Tales of disruption as the old world meets the new in India

Technological disruption can uplift some while undermining the establishment in a country like India, giving rise to both profit and violence

The outdoor market in the Jama Masjid area of Old Delhi around this time of year is a sight to behold. It is Goat city. Goats are stacked in stalls, perched on carts and paraded from one location to another.

If you had no idea what was going on, you would think that all of Delhi was goat crazy, that the flowers around the necks of some and the anklets on others were a sure sign that the lowly goat had suddenly become elevated to the status of "favourite pet" in India.

Sadly, the more grisly truth is that these goats are mere lambs to the slaughter. Literally. They are a vital component of the ongoing major Muslim festival of Eid-ul-Adha, or Bakra Id ('Bakra' means goat). These beasts have been traditionally slaughtered to commemorate Ibrahim's readiness to sacrifice his son Ismail on Allah's request.

But could this iconic market become a shadow of what it is today in five or ten years? Could it even fade away entirely? Apparently, goat breeders who fatten up their animals for Eid and hawk them at traditional markets are now migrating to popular online classified sites like Quikr and Olx in droves.

This shouldn't be so surprising since both sites are favourites amongst second-hand car sellers and buyers. If you can flog cars there, goats should be a no-brainer. Indeed, many of these beasts are pricier than your average second-hand car, having been pampered with expensive fruits, nuts and milk throughout the year.

There are good reasons as to why messaging apps like Whatsapp and classified sites like Quikr are becoming hugely popular amongst those ensconced in traditional modes of commerce. Firstly, smartphone penetration is increasing at an exponential rate (it is at roughly 30 percent today).

Secondly, the middle-man who usually takes a fat chunk of the profits in traditional markets is no longer a necessary medium to go through. In fact, there's a depressing account of how Dalits, or the so-called untouchables, are still being prevented from taking part in local markets that are nerve centres for the wholesale buying and selling of vegetables.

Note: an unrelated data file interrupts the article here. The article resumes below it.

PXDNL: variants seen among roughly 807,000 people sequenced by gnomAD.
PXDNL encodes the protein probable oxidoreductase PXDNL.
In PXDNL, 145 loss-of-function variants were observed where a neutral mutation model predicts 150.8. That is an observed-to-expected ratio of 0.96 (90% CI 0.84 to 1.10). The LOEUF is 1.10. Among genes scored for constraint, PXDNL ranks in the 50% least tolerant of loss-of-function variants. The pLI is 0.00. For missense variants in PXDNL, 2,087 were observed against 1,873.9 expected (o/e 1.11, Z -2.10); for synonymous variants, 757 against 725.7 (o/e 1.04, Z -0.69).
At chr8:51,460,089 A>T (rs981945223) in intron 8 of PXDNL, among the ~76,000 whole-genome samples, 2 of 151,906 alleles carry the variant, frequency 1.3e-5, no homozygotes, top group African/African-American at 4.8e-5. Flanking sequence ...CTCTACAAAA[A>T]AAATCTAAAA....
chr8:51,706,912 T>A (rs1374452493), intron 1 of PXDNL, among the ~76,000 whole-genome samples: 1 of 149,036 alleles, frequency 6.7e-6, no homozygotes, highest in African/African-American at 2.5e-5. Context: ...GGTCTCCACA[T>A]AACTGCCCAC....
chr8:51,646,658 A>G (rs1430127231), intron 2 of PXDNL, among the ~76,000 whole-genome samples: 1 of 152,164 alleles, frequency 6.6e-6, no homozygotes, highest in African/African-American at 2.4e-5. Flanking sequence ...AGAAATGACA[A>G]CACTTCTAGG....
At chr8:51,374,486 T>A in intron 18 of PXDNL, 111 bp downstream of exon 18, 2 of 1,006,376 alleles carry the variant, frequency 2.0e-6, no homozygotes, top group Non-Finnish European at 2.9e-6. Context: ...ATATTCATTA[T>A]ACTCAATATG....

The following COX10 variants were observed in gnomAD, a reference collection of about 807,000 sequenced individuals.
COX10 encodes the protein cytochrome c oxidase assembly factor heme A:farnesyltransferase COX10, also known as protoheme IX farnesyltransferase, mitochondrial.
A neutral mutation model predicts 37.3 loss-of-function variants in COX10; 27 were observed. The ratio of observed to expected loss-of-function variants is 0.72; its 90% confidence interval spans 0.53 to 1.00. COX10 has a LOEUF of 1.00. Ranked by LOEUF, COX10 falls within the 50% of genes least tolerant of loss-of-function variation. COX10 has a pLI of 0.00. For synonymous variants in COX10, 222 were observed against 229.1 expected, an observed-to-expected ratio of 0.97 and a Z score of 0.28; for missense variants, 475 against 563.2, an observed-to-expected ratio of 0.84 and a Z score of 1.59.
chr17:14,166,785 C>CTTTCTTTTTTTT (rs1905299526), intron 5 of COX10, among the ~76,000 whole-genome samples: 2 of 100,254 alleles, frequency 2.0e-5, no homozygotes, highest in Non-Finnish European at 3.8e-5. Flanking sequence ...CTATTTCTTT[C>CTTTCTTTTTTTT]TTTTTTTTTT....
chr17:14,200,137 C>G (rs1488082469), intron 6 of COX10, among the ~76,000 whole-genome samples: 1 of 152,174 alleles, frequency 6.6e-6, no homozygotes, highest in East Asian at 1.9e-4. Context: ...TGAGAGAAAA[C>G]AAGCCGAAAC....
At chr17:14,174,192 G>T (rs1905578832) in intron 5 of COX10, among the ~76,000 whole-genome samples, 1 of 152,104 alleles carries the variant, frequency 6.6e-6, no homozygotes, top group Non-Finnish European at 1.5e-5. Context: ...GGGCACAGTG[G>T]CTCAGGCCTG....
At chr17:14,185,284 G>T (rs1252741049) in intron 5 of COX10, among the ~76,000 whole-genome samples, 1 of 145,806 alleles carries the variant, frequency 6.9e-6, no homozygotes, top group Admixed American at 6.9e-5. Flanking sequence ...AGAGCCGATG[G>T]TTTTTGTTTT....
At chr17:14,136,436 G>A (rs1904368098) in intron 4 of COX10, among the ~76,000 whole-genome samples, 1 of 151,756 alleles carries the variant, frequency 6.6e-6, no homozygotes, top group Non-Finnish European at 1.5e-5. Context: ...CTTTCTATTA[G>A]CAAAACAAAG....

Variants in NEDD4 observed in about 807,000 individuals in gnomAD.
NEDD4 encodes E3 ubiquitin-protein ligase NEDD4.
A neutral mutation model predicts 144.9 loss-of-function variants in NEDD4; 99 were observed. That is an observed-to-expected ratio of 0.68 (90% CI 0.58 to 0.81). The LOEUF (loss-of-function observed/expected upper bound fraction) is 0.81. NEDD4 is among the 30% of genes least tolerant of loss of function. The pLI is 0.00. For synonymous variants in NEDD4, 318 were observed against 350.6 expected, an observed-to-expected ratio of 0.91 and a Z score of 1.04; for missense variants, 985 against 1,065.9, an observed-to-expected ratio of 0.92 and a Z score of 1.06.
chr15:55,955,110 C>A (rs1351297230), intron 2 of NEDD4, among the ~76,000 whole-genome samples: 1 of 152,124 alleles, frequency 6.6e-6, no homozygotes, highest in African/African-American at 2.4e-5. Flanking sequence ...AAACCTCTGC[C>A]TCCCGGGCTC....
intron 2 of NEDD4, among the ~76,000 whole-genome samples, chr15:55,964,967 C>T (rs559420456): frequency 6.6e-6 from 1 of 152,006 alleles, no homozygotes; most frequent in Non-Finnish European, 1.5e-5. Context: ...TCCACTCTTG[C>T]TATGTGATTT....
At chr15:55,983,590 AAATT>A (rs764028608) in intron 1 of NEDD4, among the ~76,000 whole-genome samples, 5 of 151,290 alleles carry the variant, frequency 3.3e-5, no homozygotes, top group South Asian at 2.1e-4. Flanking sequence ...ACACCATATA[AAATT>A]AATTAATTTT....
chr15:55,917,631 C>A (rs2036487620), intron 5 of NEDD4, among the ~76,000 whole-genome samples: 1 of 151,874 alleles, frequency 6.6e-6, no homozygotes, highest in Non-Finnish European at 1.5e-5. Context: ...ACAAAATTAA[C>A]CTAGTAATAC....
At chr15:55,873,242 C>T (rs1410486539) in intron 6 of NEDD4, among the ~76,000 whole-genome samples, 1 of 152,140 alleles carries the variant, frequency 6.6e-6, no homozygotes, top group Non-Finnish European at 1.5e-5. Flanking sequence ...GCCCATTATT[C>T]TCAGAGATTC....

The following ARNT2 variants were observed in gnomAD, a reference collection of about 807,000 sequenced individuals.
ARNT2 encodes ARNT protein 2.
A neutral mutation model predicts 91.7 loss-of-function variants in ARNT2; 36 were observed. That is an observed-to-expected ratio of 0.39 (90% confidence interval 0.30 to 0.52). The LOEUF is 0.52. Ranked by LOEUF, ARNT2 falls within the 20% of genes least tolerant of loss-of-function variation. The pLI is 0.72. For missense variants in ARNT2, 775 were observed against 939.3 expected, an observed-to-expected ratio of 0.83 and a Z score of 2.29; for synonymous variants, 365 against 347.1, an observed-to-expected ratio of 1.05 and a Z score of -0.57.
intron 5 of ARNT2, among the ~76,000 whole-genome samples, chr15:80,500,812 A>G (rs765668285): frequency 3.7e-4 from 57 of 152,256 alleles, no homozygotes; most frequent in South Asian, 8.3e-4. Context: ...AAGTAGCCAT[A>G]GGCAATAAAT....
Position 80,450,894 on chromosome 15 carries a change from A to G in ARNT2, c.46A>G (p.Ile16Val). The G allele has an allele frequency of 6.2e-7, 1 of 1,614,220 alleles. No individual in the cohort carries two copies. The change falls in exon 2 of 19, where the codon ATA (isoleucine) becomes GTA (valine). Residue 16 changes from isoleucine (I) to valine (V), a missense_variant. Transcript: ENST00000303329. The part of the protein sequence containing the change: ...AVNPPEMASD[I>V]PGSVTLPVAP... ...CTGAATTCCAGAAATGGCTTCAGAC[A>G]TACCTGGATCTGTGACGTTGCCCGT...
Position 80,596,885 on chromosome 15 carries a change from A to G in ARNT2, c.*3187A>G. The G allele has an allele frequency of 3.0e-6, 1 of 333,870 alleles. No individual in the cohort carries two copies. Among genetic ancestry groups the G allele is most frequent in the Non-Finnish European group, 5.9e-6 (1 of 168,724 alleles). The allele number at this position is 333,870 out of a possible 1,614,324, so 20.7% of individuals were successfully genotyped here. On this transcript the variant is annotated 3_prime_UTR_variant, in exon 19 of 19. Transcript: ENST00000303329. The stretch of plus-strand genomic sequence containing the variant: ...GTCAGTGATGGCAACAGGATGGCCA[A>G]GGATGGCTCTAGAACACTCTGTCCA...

Which is why any account of technology empowering traditional livelihoods or the marginalized is always heartening to hear about.


Now here's a story that's a little less quixotic and more ugly but similarly, a classic outcome of the collision of new and old ways of doing business where the middle-man is being dispensed with.

Nobroker, an e-real-estate startup, thought it was onto a winner when it decided to connect renters and landlords directly instead of going through brokers. Leveraging the internet to disrupt the house market has become big business and other e-commerce startups in this arena such as housing.com and commonfloor.com have attracted hundreds of millions in venture capital money.

No broker considers itself the largest "peer-to-peer" site in real estate with a user base of 300,000. It also estimates that it saves its customers more than $2.5 million in brokerage costs every month across four major cities in the country.

No wonder then that one morning, the offices of 18-month-old nobroker.com were laid siege to by a hundred or so irate brokers, many of them drunk, who then tried to enter the premises forcefully. Many staff were assaulted until some managed to form a blockade of sorts to keep out this disenfranchised mob until the police arrived.

Expect more incidences like these as disruption continues to roil traditional business segments in India.


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